364 Eaton to Burton
Letter BATAVIA, 3 October 1947
Your telegram regarding my movements  arrived last night, I feel you understand that there was no personal motive involved.
A mass of useful information was in draft yesterday and we worked all last night typing copies which have not yet even been officially received by the Consular Mission. They are not checked and in some cases only one copy is available, but with this information being sent down by Sq/Ldr. Spence, you have everything up to date.
My aeroplane leaves here at one o'clock for Singapore with Sq/Ldr.
Spence, and I have telegraphed Massey for immediate onward air transport to Sydney for Spence. With luck he should get there on Saturday, and I would be glad if you would please make arrangements to meet him on arrival and have him brought to where you wish. [This will be telegraphed.] 
Spoke to Schuurman this morning and he said that although the gesture of a Dutch official going to Australia had been appreciated, it was definitely decided that this should not happen until possibly after the Committee of Three meet. With regard to liaison officers between Djocja[carta] and Australia, Schuurman stated that the matter is now between Keith Officer and The Hague.
Obviously they do not want this.
I think you will find our report on Sumatra , the Australian Military report  and the draft submission for the joint report  interesting, but I think the questions and verbatim answers which we put to the Dutch and Indonesian officials  are of particular interest as it shows the idea and temper of each side.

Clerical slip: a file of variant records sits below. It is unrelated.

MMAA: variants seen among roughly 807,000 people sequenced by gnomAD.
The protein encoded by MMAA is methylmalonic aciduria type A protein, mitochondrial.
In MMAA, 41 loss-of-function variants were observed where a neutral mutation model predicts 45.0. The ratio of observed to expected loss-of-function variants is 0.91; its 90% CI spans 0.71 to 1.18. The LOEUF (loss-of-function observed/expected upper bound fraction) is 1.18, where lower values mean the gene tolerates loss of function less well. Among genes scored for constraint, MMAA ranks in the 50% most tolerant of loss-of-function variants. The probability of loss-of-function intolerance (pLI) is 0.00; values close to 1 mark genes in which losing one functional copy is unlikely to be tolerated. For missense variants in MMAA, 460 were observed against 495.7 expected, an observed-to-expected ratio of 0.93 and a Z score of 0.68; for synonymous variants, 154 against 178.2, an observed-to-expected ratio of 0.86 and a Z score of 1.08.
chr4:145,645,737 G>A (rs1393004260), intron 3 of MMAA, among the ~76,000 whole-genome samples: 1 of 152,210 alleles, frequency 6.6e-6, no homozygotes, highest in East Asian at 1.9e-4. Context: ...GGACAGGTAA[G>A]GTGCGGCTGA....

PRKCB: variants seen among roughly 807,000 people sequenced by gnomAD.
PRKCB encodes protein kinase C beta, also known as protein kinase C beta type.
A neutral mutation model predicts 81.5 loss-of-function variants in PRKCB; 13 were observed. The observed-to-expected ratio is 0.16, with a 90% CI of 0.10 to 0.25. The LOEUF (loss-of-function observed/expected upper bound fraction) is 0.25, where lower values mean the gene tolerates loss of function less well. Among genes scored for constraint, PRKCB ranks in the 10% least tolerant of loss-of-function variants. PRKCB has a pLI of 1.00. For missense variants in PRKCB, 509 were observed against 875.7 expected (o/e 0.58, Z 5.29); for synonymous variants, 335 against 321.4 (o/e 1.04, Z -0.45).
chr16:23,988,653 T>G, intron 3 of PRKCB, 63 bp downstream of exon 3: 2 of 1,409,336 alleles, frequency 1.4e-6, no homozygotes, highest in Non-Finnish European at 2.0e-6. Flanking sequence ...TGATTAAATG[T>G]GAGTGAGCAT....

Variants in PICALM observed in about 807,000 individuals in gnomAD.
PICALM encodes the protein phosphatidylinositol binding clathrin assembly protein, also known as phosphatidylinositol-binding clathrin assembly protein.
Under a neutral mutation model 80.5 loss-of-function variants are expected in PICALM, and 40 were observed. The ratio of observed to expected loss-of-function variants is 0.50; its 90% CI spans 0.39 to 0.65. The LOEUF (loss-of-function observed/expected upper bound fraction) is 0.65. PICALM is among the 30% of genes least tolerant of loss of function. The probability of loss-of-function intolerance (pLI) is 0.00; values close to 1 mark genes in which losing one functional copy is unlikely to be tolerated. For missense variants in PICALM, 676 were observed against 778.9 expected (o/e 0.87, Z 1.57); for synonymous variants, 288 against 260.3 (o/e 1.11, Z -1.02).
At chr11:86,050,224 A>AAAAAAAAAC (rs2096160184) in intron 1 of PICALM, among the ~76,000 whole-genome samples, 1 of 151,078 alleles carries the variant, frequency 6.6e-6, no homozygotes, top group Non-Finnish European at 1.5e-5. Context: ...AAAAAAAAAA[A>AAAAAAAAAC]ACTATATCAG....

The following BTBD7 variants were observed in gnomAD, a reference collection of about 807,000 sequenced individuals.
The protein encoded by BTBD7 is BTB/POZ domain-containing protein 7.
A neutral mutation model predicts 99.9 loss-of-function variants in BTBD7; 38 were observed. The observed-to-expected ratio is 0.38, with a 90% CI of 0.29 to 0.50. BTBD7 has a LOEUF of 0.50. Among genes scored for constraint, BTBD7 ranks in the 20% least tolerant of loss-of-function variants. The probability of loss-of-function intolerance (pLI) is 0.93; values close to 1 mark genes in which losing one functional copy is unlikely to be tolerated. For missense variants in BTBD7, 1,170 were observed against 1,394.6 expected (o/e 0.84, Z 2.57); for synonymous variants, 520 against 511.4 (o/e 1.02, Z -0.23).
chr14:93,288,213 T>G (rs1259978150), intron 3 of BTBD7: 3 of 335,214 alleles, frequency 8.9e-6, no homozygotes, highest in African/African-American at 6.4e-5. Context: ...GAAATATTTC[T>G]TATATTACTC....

The delay of the submission of the final report is disappointing and I cannot help but feel it means the end of any joint report in spirit. I believe it had been stated by Dr. Foote that he will submit a minority report in any case. This gentleman is very pro- Dutch and very anti-Republican, and the same applies to Vanderstichelen, the Belgian Consul-General. At this stage it seems that myself, the British and French Consuls-General will be in agreement and also probably the Chinese. However, the Chinese Consul-General has no particular interest except as regards the treatment of the Chinese. We had a chance if the report could have been completed as at first arranged, now it is going to be most difficult. I will endeavour to get reports submitted from time to time and will inform you as soon as sections are submitted and accepted by the mission.
The American attitude is not fully understood here, and the fact that their military observers are not reporting to the mission as a whole is disconcerting and I very much doubt if any conclusions they reach will be given to us by the American Consul-General.
They definitely will not take part in any military joint report which we are trying to get and this point now seems rather hopeless.
Dr. van Hoogstraten, the economic adviser, came to see me last night. I had met him when he was recently in Australia and going back to the Indies with Nicholson of the Commonwealth Bank. He told me that he is off to Holland and America and I gathered that he was hoping for some commercial agreement between the Indies and America. It might be worthwhile watching this.
Another point, the British and myself have officially brought before the mission that we should, if at all possible, make firm recommendations when all our final reports are submitted. I think the others will follow in line, but doubt whether unanimity in recommendations will be possible with the American and the Belgian.